U-shaped member 13 is also formed with a bottom or lower elongated U-shaped rod or prong 35. Prong 35 at its rear end is formed into a L-shaped end piece 36 which is soldered or welded at 37 to clip face 38 so that prong 35 extends outwardly and more forwardly than upper prong 21. Prong 35 at its forward end is formed with hook 40 which terminates a ball or spherical end piece 41. Hook 40 is angled at about 30° to 45° with respect to elongated portion 39 of prong 35.
Prong 35 and hook 40 are sized to hangedly receive blister packages 50 or more specifically the elongated top holes 51 formed in blister package card 52 as is well known in the art. It is important to note that the blister package cards 52 of the present invention are for small low cost products (not shown), and particularly so that the card width is no more than about 1 inch, as best shown in FIG. 1.
U-shaped member 14 is similar in construction to U-shaped member 13, having like clip 16, lower prong 35 and hook 40 elements. U-shaped member 14 differs from U-shaped member 13 in that upper prong 121 is about 1 to 11/2 inches shorter than member 13 upper prong 21. It is this dimensional and structural difference that distinguishes member 13 from member 14.
In assembly, a long U-shaped member 13 is clipped onto rib 12 and then a short U-shaped member 14 is clipped onto rib 12 and moved along the rib to be adjacent to member 13 so that packages 50 or blister cards 52 are closely spaced with each other as at 65. A second long U-shaped 13 member is clipped onto rib 12 and slidably moved into position so that all packages or blister cards 52 are closely spaced, almost side-by-side touching, as shown at 65, and the product information display cards 35 are also closely spaced or near touching, as shown at 70.
Card 30 of member 14 is disposed behind and between cards 30 of adjacent member 13 and all the card 30 are angled so that a purchaser can view the product information of all three cards and the bar code information can be read from all three cards without having to move members 14 or 13.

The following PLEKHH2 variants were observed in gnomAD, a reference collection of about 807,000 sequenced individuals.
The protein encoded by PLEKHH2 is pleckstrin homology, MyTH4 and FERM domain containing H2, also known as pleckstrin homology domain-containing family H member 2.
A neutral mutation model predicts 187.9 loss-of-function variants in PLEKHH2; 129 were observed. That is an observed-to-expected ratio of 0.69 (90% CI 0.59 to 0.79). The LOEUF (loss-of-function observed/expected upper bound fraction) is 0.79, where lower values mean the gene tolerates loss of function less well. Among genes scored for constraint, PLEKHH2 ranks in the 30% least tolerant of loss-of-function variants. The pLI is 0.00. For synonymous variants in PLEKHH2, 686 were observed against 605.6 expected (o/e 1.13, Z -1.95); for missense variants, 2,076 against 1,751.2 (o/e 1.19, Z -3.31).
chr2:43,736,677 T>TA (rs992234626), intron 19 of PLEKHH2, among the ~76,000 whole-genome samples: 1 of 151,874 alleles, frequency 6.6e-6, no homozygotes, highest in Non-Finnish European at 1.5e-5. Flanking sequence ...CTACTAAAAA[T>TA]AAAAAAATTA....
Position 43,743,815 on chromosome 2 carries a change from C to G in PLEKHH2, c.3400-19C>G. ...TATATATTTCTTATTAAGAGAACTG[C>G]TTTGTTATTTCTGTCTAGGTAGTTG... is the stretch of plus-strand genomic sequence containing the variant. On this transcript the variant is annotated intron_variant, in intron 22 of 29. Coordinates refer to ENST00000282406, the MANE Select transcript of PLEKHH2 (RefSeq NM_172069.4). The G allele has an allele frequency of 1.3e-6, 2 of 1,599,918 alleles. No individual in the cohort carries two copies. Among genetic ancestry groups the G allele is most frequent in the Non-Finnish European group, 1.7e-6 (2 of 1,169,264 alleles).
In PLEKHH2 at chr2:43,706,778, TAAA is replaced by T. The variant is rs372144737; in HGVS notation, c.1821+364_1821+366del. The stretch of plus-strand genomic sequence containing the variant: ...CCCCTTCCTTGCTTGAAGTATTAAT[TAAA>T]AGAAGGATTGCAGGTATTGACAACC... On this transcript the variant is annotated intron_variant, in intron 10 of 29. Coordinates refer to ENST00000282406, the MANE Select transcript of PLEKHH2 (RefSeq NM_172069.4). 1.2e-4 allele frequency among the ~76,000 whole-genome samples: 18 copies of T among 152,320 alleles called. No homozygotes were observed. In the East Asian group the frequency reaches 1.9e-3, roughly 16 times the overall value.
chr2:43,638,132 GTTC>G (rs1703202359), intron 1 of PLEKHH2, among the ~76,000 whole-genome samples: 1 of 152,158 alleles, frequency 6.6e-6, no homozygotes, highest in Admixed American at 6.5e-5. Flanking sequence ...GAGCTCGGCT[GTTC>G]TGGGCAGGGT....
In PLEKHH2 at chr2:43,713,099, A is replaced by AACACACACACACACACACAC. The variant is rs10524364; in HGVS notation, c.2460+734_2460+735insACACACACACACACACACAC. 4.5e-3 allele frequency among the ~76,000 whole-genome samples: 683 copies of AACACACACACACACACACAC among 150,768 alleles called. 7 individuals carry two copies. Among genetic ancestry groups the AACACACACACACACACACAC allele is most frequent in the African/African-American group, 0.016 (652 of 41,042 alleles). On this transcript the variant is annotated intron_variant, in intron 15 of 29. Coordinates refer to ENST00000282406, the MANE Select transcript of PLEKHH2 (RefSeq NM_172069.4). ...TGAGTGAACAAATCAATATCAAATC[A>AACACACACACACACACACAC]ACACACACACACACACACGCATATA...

Insofar as the approximate minimum width of cards 30 is at least about 2 inches, the overall utilized horizontal space occupied by two like immediately juxtaposed U-shaped display members 13 is in excess of 4 inches, and the maximum members of packages heretofore displayed in that maximum space is that carried on the two hookloads.
It has been found pursuant to the present invention that for small, low cost product packages having a blister package card width of about 1 inch or less, the array or system 10 using alternate long and short U-shaped members 13 and 14 permits three hookloads of packages to be displayed in the space previously allocated to two hookloads of packages. As a result there is a 1/3 increase in valuable retail display space utilization.
It will be understood, of course, that modifications can be made in the embodiment of the invention illustrated and described herein without departing from the scope and purview of the invention as defined by the appended claims.
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|Cooperative Classification||A47F5/0823, A47F5/0838, A47F5/0869|
|European Classification||A47F5/08B1A, A47F5/08B3, A47F5/08B6|
|Feb 10, 2004||FPAY||Fee payment|
Year of fee payment: 4
|Mar 25, 2005||AS||Assignment|
Owner name: ANDERSON FAMILY L.L.C., NEW YORK
Free format text: ASSIGNMENT OF ASSIGNORS INTEREST;ASSIGNOR:ANDERSON, WAYNE;REEL/FRAME:016386/0781
Effective date: 20040801
|Feb 21, 2008||FPAY||Fee payment|
Year of fee payment: 8
|Feb 15, 2012||FPAY||Fee payment|
Year of fee payment: 12